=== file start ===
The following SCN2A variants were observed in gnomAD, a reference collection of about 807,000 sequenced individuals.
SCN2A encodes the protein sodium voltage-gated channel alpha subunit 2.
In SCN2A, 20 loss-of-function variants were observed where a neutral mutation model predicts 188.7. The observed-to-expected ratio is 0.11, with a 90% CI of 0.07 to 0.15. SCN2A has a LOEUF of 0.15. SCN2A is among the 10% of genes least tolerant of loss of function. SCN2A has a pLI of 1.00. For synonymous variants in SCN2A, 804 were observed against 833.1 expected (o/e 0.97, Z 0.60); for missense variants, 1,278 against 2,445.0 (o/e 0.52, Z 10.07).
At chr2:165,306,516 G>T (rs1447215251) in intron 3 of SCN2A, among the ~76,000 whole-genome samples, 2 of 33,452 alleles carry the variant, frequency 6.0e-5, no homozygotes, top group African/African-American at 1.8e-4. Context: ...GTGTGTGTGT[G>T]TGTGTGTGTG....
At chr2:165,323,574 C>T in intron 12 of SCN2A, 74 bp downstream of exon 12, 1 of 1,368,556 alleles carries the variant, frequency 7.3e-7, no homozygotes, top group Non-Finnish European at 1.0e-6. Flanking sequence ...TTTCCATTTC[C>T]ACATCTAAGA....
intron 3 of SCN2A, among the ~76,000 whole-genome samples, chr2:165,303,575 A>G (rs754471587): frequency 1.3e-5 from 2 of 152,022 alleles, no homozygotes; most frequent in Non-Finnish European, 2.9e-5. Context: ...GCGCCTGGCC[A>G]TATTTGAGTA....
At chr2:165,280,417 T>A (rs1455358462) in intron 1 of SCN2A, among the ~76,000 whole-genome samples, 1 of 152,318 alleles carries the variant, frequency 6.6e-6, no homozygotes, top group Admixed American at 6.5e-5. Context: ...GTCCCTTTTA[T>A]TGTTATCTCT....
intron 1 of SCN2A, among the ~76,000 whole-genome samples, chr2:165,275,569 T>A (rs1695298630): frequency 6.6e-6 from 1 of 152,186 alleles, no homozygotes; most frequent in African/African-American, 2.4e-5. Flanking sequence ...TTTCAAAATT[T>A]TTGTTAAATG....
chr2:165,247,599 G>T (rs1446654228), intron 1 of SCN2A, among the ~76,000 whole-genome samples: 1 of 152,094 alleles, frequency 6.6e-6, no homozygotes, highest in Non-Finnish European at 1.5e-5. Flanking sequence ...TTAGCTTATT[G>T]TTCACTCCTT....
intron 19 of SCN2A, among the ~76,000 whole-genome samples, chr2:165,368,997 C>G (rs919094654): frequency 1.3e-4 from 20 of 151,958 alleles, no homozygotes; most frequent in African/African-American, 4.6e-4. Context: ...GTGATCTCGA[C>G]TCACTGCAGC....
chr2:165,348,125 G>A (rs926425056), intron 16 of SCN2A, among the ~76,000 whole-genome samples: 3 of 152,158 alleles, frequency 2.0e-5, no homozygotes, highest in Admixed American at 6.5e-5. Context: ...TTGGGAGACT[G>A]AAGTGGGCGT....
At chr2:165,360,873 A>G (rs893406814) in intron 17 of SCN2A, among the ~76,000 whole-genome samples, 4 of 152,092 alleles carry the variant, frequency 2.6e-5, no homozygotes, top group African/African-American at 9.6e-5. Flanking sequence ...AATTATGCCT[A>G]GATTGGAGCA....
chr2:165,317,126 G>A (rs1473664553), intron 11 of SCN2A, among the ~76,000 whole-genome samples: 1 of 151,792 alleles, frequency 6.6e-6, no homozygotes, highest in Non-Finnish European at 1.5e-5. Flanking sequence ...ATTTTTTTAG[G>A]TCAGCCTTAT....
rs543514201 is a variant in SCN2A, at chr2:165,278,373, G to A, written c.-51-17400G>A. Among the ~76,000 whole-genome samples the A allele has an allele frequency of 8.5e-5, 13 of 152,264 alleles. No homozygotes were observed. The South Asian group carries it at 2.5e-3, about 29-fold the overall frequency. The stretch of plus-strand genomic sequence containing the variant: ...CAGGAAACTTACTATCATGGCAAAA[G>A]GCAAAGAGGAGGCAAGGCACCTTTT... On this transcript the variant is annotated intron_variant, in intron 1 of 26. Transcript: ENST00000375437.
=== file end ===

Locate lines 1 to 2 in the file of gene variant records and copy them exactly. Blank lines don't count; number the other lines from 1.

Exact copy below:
The following SCN2A variants were observed in gnomAD, a reference collection of about 807,000 sequenced individuals.
SCN2A encodes the protein sodium voltage-gated channel alpha subunit 2.